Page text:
The Style Spotlight: Tara Miller
Capturing a moment is more than what we see behind the lens of the camera. As one photographer proves, it’s as much what we feel and what we want to bring forward that defines our work. In this installment of Style Spotlight, we sat down with the award-winning and legally-blind landscape photographer Tara Miller to talk about her journey. From her early roots in the medium, to her unique process and style, we discussed everything that goes into her breathtaking artwork.
“I was born totally blind, and my parents didn’t realize I couldn’t see until I hit my head when I fell backward at one year old. When my parents took me to the hospital, the doctors noticed I didn’t follow the light and discovered I had congenital cataracts that were removed from both eyes,” she explained. Although the surgery only gave her partial vision, it was enough to help her father with his landscape paintings. Using her father’s camera, Tara would capture landscapes for him to use as reference, which became a passion of hers until her sight worsened and she could no longer see the buttons on the camera. Her love for photography had to be put on hold for many years until, in 2008, her husband decided to pursue professional photography.
It was this career change that brought Lightroom into her life. She remembers vividly, “With skepticism I sat down and for the first time in my life, I got to see one of my images larger than the typical 4×6 print. It was a very emotional moment, to say the least, and then in the next five minutes my world got turned upside down,” she continued, “I think I spent about 10 minutes just clicking around the image in awe of things I have never seen before.”
With the power to pursue her passion within her grasp again, she had a second chance at photography. She’s worked in several fields commercially, but landscape photography has been where her unique style has earned her notoriety and critical acclaim.
Finding your style
Part of what makes Tara’s photography stand out is its vivid color schemes. While it’s the result of the editing power she has in Lightroom, the inspiration comes from her desire to show others how she sees the world. “I discovered about 8 years ago I can see ultraviolet. That is why, when I edit my images, I love editing with lots of vibrancy because that is the way I saw it,” she explained. “Like a dog that has lost its back legs and has to use wheels to get around, they struggle at first, and then they adapt. Soon, that is just normal life for them. Life is too short to let the little things slow you down, so just enjoy the best normal you know.”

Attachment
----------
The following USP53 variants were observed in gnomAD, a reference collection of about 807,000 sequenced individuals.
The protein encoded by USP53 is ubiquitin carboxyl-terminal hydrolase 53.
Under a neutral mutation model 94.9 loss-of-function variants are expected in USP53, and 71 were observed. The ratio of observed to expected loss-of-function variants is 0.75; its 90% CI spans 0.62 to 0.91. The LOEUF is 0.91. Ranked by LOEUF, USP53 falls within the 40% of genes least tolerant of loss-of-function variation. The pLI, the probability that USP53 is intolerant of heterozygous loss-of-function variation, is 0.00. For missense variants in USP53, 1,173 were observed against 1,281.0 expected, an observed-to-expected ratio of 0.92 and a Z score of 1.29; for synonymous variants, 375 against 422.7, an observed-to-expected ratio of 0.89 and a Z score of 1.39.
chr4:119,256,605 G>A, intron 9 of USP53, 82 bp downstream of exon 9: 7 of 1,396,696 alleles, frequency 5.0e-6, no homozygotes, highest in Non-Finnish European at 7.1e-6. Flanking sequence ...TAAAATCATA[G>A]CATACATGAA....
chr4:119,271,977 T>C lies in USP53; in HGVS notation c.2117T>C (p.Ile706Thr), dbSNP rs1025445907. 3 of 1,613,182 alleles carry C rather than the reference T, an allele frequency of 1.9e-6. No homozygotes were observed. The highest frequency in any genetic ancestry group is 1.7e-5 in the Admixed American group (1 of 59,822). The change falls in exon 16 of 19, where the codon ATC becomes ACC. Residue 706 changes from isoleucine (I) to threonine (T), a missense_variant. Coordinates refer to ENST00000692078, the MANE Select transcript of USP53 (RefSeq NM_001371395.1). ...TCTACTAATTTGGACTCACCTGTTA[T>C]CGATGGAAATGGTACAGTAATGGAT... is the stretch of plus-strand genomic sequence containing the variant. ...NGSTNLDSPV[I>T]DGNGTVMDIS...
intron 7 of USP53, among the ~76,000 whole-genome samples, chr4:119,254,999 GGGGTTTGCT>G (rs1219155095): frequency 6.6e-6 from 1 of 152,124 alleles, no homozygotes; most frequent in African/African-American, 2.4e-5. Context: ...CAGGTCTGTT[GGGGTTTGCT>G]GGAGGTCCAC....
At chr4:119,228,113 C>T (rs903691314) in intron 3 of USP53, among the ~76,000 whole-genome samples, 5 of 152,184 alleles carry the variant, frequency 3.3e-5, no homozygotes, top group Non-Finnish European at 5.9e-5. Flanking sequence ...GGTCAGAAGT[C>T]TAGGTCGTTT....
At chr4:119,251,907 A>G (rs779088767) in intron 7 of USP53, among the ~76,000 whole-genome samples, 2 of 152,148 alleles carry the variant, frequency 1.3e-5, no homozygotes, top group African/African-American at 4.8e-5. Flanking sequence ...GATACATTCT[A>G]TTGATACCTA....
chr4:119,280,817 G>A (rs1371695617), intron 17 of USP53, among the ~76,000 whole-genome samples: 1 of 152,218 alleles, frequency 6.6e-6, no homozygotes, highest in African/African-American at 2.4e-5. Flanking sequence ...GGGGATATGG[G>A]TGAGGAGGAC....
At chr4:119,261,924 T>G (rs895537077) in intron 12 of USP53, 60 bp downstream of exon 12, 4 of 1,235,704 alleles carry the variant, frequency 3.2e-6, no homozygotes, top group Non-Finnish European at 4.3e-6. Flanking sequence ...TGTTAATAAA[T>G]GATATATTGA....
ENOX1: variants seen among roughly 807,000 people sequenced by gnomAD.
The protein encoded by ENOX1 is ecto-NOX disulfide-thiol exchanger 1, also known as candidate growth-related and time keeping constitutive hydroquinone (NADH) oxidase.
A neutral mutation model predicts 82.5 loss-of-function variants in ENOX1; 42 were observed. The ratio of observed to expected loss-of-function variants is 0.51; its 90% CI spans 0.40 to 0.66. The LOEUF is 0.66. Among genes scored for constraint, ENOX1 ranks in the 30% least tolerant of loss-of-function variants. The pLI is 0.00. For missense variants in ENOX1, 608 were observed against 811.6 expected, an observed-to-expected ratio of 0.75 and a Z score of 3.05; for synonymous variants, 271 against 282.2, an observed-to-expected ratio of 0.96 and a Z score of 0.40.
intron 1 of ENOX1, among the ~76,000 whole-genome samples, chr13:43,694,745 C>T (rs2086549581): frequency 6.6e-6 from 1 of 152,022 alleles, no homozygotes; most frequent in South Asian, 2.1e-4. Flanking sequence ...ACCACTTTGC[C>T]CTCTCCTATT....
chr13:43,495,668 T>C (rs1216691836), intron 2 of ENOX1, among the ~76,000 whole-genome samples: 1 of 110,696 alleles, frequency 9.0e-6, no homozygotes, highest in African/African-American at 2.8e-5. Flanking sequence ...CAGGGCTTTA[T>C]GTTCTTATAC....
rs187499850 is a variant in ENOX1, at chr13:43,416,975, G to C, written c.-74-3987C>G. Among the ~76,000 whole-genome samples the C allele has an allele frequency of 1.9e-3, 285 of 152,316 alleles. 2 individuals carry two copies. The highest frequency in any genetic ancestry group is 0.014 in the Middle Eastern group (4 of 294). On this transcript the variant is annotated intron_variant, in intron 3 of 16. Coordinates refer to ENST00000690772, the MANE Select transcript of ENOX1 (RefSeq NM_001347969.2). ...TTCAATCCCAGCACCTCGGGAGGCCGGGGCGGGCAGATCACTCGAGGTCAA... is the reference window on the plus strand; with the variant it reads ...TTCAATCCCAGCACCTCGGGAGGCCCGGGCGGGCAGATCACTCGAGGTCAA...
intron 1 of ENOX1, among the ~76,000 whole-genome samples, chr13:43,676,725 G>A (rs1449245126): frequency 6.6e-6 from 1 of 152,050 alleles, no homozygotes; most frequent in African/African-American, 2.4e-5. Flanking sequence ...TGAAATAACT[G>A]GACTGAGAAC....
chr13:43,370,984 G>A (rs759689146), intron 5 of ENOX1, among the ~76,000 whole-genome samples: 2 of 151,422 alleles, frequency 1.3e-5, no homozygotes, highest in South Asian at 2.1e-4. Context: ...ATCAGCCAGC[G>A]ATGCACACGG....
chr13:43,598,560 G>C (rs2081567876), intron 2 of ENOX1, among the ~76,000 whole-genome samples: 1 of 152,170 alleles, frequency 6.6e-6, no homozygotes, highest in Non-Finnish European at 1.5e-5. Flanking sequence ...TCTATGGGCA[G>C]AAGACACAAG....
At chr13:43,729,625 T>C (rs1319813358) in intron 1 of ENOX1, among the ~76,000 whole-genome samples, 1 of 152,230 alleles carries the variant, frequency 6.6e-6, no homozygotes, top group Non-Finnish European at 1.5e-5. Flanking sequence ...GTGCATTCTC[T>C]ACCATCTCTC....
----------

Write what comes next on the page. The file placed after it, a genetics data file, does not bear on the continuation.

When asked where she pulls inspiration from, she noted her affinity for the outdoors. “I would describe myself as an explorer. I love to travel around and photograph the world, but I also draw inspiration from our local parks and traveling with my family down the dusty gravel farm roads and capturing the breathtaking sunsets that we are lucky enough to have in Manitoba, Canada.”
Style in focus
Like most photographers, Tara has a lot of setup to capture her striking landscape photography. “For my commercial work, it is very stoic and planned out based on the look the client is going for, typically it involves about four strobe lights, sometimes a tripod and for most clients, we will tether live to Lightroom so the client can see the raw image and offer suggestions,” she said.
Once she has her equipment in place, it’s all about repetition, she explains, “I think of the different angles that I want to capture or the final image that I think I want to achieve. And, if I really love the scenery, I may spend 10 to 15 minutes in a 5-foot radius—just trying different combinations of settings, lenses, with a tripod and shamelessly crawling on the ground. I hate leaving an area thinking I wish I had shot it another way.”
Lightroom in style
Part of what separates Tara’s work from other photographers can’t be captured in a tutorial. By her doctor’s estimates, she only has 3% vision in her left eye and light perception in her right. So when she pulls her work into Lightroom at a larger scale, it’s the first time she’s able to see her photographs. Only by using a combination of a full-sized screen and Lightroom’s zoom feature is she able to check if her photos are in focus and begin her unique process of bringing her selections to life.
When asked what she uses as her guide in post-production, she informed us she brings all her senses into the shot, “Unless I am on the side of a busy highway, I am tuned in to the environment, the sounds, the smells, the feeling of the wind blowing on my face or the sun warming my skin.”
Bringing her experiences to life relies on the manipulation of two primary elements: clarity and light. Using dehaze, dodge, burn, and variations in contrast, she’s able to separate the foreground and background of her landscapes to create a tangible feeling of depth—even in shots where the natural light would cause natural features to blend together.
To demonstrate her process, she let us observe one of her edits and explains how each tool comes into play.
The love of photography
As a final question, we asked Tara what keeps her loving her craft. To her, It’s a way to embrace what she’s been given, “Photography allows me to create memories for myself that I can hold onto in my head and hopefully others will enjoy my images as well,” she said. Adding, “It gives me great self-esteem knowing that I can still do my job as a professional commercial photographer even without being able to see the images on the camera.”